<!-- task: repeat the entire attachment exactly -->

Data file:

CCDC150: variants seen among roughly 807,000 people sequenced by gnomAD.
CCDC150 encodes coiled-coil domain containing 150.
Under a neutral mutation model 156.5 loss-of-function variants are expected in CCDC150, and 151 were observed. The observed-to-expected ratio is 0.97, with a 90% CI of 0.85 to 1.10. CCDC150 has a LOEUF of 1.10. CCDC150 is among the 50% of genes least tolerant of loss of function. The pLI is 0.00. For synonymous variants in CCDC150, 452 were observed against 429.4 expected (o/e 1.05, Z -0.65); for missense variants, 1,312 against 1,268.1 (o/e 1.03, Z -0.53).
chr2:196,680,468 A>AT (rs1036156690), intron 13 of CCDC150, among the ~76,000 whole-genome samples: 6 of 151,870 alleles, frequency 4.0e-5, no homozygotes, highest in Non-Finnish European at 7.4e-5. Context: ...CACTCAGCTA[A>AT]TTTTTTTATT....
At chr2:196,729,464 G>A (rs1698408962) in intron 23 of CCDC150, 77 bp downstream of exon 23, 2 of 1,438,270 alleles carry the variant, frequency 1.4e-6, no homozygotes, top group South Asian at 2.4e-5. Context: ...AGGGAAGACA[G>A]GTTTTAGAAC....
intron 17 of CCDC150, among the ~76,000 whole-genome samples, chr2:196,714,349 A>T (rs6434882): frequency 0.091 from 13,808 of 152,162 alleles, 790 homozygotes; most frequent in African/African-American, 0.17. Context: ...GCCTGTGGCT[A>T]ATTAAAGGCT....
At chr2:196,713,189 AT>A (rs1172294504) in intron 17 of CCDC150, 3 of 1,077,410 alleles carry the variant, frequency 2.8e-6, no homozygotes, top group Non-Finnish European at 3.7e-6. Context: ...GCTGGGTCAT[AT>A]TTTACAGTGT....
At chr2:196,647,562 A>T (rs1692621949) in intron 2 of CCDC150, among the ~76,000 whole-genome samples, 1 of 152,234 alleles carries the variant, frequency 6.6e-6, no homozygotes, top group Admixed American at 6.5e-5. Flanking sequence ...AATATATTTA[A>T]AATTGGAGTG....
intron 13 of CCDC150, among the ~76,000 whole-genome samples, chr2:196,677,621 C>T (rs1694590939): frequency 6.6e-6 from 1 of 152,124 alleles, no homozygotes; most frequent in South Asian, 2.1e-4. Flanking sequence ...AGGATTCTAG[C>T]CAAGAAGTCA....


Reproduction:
CCDC150: variants seen among roughly 807,000 people sequenced by gnomAD.
CCDC150 encodes coiled-coil domain containing 150.
Under a neutral mutation model 156.5 loss-of-function variants are expected in CCDC150, and 151 were observed. The observed-to-expected ratio is 0.97, with a 90% CI of 0.85 to 1.10. CCDC150 has a LOEUF of 1.10. CCDC150 is among the 50% of genes least tolerant of loss of function. The pLI is 0.00. For synonymous variants in CCDC150, 452 were observed against 429.4 expected (o/e 1.05, Z -0.65); for missense variants, 1,312 against 1,268.1 (o/e 1.03, Z -0.53).
chr2:196,680,468 A>AT (rs1036156690), intron 13 of CCDC150, among the ~76,000 whole-genome samples: 6 of 151,870 alleles, frequency 4.0e-5, no homozygotes, highest in Non-Finnish European at 7.4e-5. Context: ...CACTCAGCTA[A>AT]TTTTTTTATT....
At chr2:196,729,464 G>A (rs1698408962) in intron 23 of CCDC150, 77 bp downstream of exon 23, 2 of 1,438,270 alleles carry the variant, frequency 1.4e-6, no homozygotes, top group South Asian at 2.4e-5. Context: ...AGGGAAGACA[G>A]GTTTTAGAAC....
intron 17 of CCDC150, among the ~76,000 whole-genome samples, chr2:196,714,349 A>T (rs6434882): frequency 0.091 from 13,808 of 152,162 alleles, 790 homozygotes; most frequent in African/African-American, 0.17. Context: ...GCCTGTGGCT[A>T]ATTAAAGGCT....
At chr2:196,713,189 AT>A (rs1172294504) in intron 17 of CCDC150, 3 of 1,077,410 alleles carry the variant, frequency 2.8e-6, no homozygotes, top group Non-Finnish European at 3.7e-6. Context: ...GCTGGGTCAT[AT>A]TTTACAGTGT....
At chr2:196,647,562 A>T (rs1692621949) in intron 2 of CCDC150, among the ~76,000 whole-genome samples, 1 of 152,234 alleles carries the variant, frequency 6.6e-6, no homozygotes, top group Admixed American at 6.5e-5. Flanking sequence ...AATATATTTA[A>T]AATTGGAGTG....
intron 13 of CCDC150, among the ~76,000 whole-genome samples, chr2:196,677,621 C>T (rs1694590939): frequency 6.6e-6 from 1 of 152,124 alleles, no homozygotes; most frequent in South Asian, 2.1e-4. Flanking sequence ...AGGATTCTAG[C>T]CAAGAAGTCA....